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Skoda Superb Estate: final report
On fleet since: September 2010
Total mileage: 3,780
Official combined mpg/CO2: 51.4mpg - 145g/km
Actual mpg: 45mpg
Costs: £0 so far
Engine: 2.0 TDI Common Rail turbodiesel, 6-speed manual
Performance: 0-62 in 10.2 seconds/127mph top speed
Power/torque: 140hp/235 lb ft @ 1,750 rpm
Insurance group: 18
List price: £21,395
Options fitted: four-spoke steering wheel w/ bluetooth (£385), floor mats (£55)
park assist (£425), sat-nav (£1,305), panoramic sunroof (£960)
Price as tested: £24,525
Pros: Class-leading boot space, massive rear legroom, good standard equipment
Cons: questionable rear looks, no seven-digit sat-nav postcode entry, annoying locks
So our time with the Superb Estate is at an end; we received it towards the end of high summer, where it did sterling service at the end of the holidays, while we gave it back in the depths of winter. The question we asked ourselves at the start was simple: is the Skoda Superb Estate the ultimate affordable family car?
What was great about it?
Probably the greatest aspect of the Superb Estate is that it is so much more than a re-badged, de-poshed Passat Estate. Sure, it comes from that lineage but Skoda has worked hard to put its own individual stamp on it. So, it is longer than the Passat and you can cram more in, while being a full 10% or so less to buy, model-for-model.
I love the neat little touches that the Skoda has, and its brethren doesn't: the detachable (and magnetic) rechargeable torch in the boot, the umbrella in the door, and the boot cover that snaps back in stages with light pressure to the top.
Another major difference: the acres of rear legroom. My children in their car seats are used to thudding their legs on the front seats, but could barely reach in this car. If you need to carry passengers of any size with luggage, the Superb Estate is a great choice on this front alone.
The newish 140hp common-rail diesel in this car is a peach; smooth, torquey, relaxed, flexible - I wrote last month of its abilities to yomp the hills of the A303 without skipping a beat in sixth. Unless you're desperate, I see no reason to spend the extra for the 170hp version instead, while the petrol versions will inevitably be more expensive to run and suffer higher depreciation.
Other great points: the red lights in the door openings, the rear temperature gauge, and the numerous cubbyholes in the boot which can keep small items safe from other things in the boot.
What wasn't so great?
I was never entirely sold on the looks, and while the front is fine, I'm still not sure about the back: thank heaven for the twin exhausts, which help to enliven it. The panoramic sunroof helped to lighten the cabin up a bit, but I don't think it was worth the £960 paid for it.
Ride-wise, the car could be a bit jarring on the sadly common ghastly road surfaces we have in the UK. The leather-and-suede combination seats are comfortable enough but the suede is a lot less childproof than leather, and it proved a struggle to get mud and so on off them.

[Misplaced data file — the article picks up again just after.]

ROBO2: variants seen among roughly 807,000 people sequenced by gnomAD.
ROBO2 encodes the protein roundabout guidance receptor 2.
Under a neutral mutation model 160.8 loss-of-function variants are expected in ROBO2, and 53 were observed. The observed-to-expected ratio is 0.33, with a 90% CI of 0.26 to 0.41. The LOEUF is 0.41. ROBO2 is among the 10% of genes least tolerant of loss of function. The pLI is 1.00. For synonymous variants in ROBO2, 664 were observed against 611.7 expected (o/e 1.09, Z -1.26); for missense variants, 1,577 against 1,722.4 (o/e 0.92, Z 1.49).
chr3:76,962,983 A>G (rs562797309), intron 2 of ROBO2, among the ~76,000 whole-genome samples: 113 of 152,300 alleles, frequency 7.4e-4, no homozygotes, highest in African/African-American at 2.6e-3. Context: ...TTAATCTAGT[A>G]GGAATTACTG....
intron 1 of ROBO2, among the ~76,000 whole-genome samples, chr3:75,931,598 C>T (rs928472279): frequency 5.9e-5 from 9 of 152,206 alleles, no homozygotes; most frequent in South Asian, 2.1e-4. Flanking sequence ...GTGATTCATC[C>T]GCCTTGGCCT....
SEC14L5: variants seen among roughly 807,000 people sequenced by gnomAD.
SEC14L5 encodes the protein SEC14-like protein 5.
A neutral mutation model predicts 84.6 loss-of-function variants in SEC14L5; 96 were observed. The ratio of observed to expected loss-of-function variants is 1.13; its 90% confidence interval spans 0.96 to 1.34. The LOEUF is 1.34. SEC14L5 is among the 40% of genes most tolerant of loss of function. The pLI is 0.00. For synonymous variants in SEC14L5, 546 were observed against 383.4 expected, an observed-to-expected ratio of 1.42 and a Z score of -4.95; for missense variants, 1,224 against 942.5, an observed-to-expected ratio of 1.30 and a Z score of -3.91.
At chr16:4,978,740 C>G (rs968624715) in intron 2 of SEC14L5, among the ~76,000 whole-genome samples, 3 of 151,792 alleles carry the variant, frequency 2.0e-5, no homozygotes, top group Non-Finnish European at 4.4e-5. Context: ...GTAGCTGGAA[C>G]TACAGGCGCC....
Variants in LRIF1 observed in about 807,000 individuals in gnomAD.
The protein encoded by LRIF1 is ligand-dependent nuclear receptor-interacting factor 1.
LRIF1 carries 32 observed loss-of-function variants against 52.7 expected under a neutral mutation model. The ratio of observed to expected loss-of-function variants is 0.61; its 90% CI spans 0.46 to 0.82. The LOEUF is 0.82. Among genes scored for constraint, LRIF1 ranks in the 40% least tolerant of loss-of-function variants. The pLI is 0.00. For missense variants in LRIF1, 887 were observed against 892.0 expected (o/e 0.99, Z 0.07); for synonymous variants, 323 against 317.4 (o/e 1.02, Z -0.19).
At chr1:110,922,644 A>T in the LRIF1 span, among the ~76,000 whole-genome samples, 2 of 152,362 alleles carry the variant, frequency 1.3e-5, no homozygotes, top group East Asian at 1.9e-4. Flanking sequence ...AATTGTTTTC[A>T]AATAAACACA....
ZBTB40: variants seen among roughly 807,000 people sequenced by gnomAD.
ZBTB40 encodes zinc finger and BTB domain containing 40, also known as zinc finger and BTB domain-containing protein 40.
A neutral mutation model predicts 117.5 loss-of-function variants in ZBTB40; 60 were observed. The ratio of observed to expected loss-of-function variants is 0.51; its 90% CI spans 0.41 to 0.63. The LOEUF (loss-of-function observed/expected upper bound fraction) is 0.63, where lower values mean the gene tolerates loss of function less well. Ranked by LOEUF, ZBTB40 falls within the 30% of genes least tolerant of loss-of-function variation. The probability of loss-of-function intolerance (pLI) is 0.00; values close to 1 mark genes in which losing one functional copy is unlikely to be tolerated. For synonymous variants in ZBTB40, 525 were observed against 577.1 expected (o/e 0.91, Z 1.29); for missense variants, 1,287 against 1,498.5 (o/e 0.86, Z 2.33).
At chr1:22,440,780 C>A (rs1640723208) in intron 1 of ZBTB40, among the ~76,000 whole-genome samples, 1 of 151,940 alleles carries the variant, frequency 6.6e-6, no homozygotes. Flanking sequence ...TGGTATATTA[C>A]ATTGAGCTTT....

Furthermore I had a chance to ride in a full leather Superb Estate back in December and found this notably more plush; if you are planning serious miles for your Superb Estate - and it is a perfect workhorse - then this £1,355 option might well be worth having.
The unlocking system continued to grate a bit, and my wife and I often found ourselves jabbing away at the buttons to get into the car. It also wasn't quite as
surefooted in snow as I would expect a Czech-made car to be; I appreciate winter tyres might have solved this issue, but they present a new set of problems in themselves, not least cost.
Lastly, the sat-nav doesn't accept full postcodes, which was deeply aggravating when headed to the middle of nowhere. But I hear joyous news: this problem can now be fixed by inserting a new DVD and upgrading the software; the exact cost of this is to be determined, but this is great progress.
Was it expensive to run?
No. Nothing at all went wrong, which was great, so no need to pester Skoda's famously good dealer network. Economy-wise we got around 45mpg all-round, while averaging over 50mpg for long-distance runs; excellent numbers for a large family car, loaded with kids, clobber, and sometimes even a bicycle rack.
Would I recommend it to you?
My wife said that this was her most favourite car in a long time. She liked its spaciousness, the ease of use, its child-friendliness, and its engaging combination of everyman Czechness and Germanic build quality. I agree on all the above.
The car is a proper old-school family estate car that carries parents, children, clobber, bicycles and everything else with ease. Combined with the low cost of purchasing and ownership and few niggles, it represents a fabulous family proposition.
What am I driving next?
Our first MPV, and our first Ford: the Grand C-Max, and it's already here.
Report 1: Skoda Superb Estate arrival
Report 2: Skoda Superb Estate: month two
Report 3: Skoda Superb Estate: month three
Report 4: Skoda Superb Estate: month four
Report 5: Skoda Superb Estate: month five
Report 6: Skoda Superb Estate: final report (this report)
Review: Skoda Superb Estate
Gallery: Skoda Superb Estate
Find a used Skoda Superb on Auto Trader
Compare the Superb Estate with the Vauxhall Insignia, Mazda 6, Citroen C5 and Ford Mondeo estates
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